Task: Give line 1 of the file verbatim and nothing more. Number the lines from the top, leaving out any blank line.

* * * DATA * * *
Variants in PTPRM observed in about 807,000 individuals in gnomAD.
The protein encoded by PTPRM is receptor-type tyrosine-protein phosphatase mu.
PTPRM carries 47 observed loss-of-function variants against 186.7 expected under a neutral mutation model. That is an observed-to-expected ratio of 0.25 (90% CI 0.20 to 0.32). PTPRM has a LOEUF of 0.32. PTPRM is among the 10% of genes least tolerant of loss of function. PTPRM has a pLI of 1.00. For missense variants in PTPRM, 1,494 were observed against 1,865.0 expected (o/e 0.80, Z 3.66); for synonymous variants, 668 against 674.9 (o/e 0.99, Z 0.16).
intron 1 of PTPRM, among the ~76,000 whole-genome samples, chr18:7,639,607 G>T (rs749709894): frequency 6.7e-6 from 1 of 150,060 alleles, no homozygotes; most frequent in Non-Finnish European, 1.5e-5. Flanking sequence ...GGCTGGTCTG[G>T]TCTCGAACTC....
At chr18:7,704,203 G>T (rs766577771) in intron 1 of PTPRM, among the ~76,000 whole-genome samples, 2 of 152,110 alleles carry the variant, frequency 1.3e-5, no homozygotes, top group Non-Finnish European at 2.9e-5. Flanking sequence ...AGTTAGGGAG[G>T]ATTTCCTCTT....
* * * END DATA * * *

Variants in PTPRM observed in about 807,000 individuals in gnomAD.